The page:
March 27, 1814
March 24, 1832
March 24, 1853
March 25, 1931
March 26, 1910
This Week in Alabama History
March 22 - 28
In the Battle of Horseshoe Bend, Andrew Jackson leads a force of Americans, Creeks, and Cherokees against Red Stick Creeks. Attacking the Red Stick stronghold of Tohopeka on the banks of the Tallapoosa River, Jackson's men killed more than 900 people. The victory soon led to the end of the Creek War and the cession of 23 million acres of Creek territory to the United States.
Listen: Click the play button below to hear Archives Staff discuss this event on Alabama Public Radio.
Other Events this Week
In Washington, D.C., representatives of the Creek Indians sign a treaty ceding "to the United States all their land, East of the Mississippi," which included large portions of east Alabama. Known as the Treaty of Cusseta, it was negotiated in the wake of the Indian Removal Act of 1830. Approximately 20,000 Creeks were removed to the Oklahoma Indian Territory by 1840, although some remained, including the ancestors of the Poarch Band of Creeks, who are concentrated near Atmore, Alabama.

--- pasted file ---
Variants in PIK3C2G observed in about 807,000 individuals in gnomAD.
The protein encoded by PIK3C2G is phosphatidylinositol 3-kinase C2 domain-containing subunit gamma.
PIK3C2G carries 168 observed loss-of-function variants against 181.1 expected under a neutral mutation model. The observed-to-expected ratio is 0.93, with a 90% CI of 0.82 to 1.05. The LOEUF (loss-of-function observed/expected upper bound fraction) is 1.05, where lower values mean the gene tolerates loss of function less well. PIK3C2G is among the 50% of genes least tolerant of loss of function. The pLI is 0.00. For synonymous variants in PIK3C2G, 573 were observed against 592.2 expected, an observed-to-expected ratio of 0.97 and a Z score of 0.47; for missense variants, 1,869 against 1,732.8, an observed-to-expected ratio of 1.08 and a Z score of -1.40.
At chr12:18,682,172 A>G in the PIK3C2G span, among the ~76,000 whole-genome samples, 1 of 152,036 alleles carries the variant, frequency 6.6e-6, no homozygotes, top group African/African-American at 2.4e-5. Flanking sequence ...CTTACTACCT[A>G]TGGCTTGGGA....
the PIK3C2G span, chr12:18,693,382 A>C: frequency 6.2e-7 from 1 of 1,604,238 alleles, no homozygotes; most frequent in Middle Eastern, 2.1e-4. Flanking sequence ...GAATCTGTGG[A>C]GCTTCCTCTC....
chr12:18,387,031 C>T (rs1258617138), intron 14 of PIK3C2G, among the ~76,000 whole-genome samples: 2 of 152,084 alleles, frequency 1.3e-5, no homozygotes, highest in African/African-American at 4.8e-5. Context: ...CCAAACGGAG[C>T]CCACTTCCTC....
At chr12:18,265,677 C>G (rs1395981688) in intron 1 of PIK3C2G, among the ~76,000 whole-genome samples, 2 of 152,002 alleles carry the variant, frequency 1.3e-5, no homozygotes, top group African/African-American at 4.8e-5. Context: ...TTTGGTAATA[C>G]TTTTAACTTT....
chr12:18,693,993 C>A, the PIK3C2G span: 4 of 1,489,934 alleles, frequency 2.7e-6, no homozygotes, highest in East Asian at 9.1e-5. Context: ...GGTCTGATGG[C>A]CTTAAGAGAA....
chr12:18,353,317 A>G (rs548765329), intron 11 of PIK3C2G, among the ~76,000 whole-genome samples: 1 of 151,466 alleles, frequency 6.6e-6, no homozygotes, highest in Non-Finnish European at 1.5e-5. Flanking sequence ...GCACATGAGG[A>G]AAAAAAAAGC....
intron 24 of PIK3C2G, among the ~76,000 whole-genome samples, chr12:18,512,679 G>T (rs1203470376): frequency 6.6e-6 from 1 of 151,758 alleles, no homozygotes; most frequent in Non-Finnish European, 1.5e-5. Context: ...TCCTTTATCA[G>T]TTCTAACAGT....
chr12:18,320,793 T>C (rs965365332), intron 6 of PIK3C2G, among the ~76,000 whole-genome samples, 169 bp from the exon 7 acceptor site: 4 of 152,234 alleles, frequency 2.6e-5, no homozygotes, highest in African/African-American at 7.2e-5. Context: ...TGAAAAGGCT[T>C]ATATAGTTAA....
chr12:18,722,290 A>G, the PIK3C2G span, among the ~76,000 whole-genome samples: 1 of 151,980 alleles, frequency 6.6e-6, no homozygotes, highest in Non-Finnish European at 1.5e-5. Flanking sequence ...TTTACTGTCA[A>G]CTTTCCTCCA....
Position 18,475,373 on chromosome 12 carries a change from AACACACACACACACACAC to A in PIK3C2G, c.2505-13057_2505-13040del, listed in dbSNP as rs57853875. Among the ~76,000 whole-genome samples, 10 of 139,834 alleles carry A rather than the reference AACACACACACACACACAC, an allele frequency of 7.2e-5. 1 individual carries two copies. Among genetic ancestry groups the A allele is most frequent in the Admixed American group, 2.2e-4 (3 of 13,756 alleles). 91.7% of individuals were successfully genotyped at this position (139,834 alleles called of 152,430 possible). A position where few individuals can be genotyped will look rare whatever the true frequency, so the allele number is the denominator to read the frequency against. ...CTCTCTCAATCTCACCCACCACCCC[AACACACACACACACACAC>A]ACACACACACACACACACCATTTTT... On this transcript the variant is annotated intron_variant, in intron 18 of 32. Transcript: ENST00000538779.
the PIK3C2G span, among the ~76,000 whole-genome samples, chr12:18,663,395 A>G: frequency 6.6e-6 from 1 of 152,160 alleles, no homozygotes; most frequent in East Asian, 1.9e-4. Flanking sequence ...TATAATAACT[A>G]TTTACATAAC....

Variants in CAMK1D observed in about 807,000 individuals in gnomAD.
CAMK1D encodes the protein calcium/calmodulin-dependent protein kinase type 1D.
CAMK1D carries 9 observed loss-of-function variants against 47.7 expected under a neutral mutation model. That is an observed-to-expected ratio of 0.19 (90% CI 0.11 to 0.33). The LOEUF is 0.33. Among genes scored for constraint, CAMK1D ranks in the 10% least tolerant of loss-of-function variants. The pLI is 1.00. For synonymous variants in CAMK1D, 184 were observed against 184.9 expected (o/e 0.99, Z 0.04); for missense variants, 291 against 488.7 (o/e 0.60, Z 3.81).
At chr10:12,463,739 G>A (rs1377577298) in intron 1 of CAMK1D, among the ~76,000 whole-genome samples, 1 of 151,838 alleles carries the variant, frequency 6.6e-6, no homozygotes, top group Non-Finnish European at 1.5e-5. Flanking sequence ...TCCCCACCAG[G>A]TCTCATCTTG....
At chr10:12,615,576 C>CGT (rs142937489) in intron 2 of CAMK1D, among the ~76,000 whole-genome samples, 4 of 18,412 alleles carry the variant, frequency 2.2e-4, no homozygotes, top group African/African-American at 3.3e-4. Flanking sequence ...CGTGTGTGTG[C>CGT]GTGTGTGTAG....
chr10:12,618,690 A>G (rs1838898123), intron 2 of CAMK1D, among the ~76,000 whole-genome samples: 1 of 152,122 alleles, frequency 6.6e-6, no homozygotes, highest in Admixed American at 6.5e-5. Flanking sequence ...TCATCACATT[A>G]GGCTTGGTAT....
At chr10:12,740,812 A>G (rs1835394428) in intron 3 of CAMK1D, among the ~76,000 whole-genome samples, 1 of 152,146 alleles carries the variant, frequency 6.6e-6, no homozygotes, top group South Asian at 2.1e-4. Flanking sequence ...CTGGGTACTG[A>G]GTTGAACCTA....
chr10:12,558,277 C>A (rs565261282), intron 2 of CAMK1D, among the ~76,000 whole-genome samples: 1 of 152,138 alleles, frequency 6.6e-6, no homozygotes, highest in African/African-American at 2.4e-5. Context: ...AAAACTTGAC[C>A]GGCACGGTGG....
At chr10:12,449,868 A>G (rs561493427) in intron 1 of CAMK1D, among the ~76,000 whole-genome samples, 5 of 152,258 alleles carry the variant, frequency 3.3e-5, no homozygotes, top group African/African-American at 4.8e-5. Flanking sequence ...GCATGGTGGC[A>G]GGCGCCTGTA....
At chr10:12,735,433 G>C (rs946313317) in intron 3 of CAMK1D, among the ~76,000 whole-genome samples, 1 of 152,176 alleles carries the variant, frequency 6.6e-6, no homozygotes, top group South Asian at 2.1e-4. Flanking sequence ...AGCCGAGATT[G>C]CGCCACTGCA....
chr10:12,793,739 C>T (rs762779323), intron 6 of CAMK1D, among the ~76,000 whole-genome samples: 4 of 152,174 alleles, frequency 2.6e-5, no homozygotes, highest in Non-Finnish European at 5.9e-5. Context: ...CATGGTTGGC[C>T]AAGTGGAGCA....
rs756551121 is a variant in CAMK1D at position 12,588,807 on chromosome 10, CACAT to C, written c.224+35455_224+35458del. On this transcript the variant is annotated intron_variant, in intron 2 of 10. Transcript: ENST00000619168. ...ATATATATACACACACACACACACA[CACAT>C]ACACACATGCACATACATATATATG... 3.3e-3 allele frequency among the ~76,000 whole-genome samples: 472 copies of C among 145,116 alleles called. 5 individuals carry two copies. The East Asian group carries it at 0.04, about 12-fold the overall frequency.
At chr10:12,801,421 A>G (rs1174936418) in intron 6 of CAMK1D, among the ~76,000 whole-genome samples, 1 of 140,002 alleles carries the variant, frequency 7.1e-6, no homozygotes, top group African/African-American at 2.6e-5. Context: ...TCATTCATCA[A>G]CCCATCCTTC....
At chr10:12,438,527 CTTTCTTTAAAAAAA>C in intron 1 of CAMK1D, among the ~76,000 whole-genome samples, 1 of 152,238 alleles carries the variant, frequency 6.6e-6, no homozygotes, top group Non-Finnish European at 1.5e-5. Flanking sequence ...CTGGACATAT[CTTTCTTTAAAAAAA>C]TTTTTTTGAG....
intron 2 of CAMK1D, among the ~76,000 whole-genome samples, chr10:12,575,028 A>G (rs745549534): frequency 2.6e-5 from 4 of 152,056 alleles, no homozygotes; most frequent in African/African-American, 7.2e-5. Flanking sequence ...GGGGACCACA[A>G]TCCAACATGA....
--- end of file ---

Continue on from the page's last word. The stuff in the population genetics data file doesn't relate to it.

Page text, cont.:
William Rufus King of Selma is inaugurated as Vice President of the United States near Havana, Cuba. Elected the previous fall on the Democratic ticket with Franklin Pierce, King had been in the warm Cuban climate since January in an attempt to recover his failing health. When it became apparent that he would be unable to travel to Washington for the inauguration, Congress passed a special act to allow him to take the oath of office in Cuba. When his health did not improve, King returned to Alabama, where he died April 18, 1853, never formally serving as Vice President.
Nine black youths, soon to be known as the Scottsboro Boys, are arrested in Paint Rock and jailed in Scottsboro, the Jackson County seat. Charged with raping two white women on a freight train from Chattanooga, the sheriff had to protect them from mob violence that night. Within a month, eight of the nine were sentenced to death. Based on questionable evidence, the convictions by an all-white jury generated international outrage.
Orville Wright pilots the first plane in Alabama, causing the Montgomery Advertiser to report “a strange new bird soared over the cotton fields west of Montgomery.” The Wright brothers came to Montgomery to set up a pilots’ training school. Several pilots were trained, but the brothers left the area by the end of May. Replacement parts for broken machinery were difficult to locate in the area and the flyers' efforts were frustrated by numerous spectators during their stay.